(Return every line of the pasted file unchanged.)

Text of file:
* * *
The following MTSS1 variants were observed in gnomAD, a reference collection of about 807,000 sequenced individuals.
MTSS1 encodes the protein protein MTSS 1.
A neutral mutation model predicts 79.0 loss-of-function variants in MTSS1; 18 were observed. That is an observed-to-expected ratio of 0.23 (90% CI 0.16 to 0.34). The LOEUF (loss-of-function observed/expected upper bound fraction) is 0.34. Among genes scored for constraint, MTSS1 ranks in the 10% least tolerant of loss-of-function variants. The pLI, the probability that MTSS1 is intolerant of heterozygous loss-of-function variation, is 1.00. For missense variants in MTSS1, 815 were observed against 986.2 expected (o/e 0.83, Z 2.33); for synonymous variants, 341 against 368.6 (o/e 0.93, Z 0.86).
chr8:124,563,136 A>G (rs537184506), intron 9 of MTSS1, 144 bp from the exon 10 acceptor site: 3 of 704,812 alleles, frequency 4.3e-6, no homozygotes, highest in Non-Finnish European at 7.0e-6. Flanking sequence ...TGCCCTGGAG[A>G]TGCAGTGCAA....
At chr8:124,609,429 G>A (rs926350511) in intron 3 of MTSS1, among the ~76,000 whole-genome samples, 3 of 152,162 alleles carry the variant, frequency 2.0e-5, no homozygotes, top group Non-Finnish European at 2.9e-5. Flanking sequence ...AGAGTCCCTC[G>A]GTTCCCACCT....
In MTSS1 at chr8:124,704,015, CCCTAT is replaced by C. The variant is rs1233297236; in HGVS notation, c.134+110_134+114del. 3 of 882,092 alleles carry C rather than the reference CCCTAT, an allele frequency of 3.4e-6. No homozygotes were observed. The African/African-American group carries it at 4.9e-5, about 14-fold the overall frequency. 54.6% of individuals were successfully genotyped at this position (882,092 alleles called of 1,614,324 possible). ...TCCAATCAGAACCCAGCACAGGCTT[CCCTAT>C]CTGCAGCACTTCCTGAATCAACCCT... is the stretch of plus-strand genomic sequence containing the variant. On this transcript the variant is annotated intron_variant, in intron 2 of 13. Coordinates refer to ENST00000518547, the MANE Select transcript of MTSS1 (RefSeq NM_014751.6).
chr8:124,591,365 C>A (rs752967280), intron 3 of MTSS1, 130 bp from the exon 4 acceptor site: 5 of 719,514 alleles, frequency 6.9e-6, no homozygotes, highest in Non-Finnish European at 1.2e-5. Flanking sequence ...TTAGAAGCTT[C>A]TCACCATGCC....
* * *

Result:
The following MTSS1 variants were observed in gnomAD, a reference collection of about 807,000 sequenced individuals.
MTSS1 encodes the protein protein MTSS 1.
A neutral mutation model predicts 79.0 loss-of-function variants in MTSS1; 18 were observed. That is an observed-to-expected ratio of 0.23 (90% CI 0.16 to 0.34). The LOEUF (loss-of-function observed/expected upper bound fraction) is 0.34. Among genes scored for constraint, MTSS1 ranks in the 10% least tolerant of loss-of-function variants. The pLI, the probability that MTSS1 is intolerant of heterozygous loss-of-function variation, is 1.00. For missense variants in MTSS1, 815 were observed against 986.2 expected (o/e 0.83, Z 2.33); for synonymous variants, 341 against 368.6 (o/e 0.93, Z 0.86).
chr8:124,563,136 A>G (rs537184506), intron 9 of MTSS1, 144 bp from the exon 10 acceptor site: 3 of 704,812 alleles, frequency 4.3e-6, no homozygotes, highest in Non-Finnish European at 7.0e-6. Flanking sequence ...TGCCCTGGAG[A>G]TGCAGTGCAA....
At chr8:124,609,429 G>A (rs926350511) in intron 3 of MTSS1, among the ~76,000 whole-genome samples, 3 of 152,162 alleles carry the variant, frequency 2.0e-5, no homozygotes, top group Non-Finnish European at 2.9e-5. Flanking sequence ...AGAGTCCCTC[G>A]GTTCCCACCT....
In MTSS1 at chr8:124,704,015, CCCTAT is replaced by C. The variant is rs1233297236; in HGVS notation, c.134+110_134+114del. 3 of 882,092 alleles carry C rather than the reference CCCTAT, an allele frequency of 3.4e-6. No homozygotes were observed. The African/African-American group carries it at 4.9e-5, about 14-fold the overall frequency. 54.6% of individuals were successfully genotyped at this position (882,092 alleles called of 1,614,324 possible). ...TCCAATCAGAACCCAGCACAGGCTT[CCCTAT>C]CTGCAGCACTTCCTGAATCAACCCT... is the stretch of plus-strand genomic sequence containing the variant. On this transcript the variant is annotated intron_variant, in intron 2 of 13. Coordinates refer to ENST00000518547, the MANE Select transcript of MTSS1 (RefSeq NM_014751.6).
chr8:124,591,365 C>A (rs752967280), intron 3 of MTSS1, 130 bp from the exon 4 acceptor site: 5 of 719,514 alleles, frequency 6.9e-6, no homozygotes, highest in Non-Finnish European at 1.2e-5. Flanking sequence ...TTAGAAGCTT[C>A]TCACCATGCC....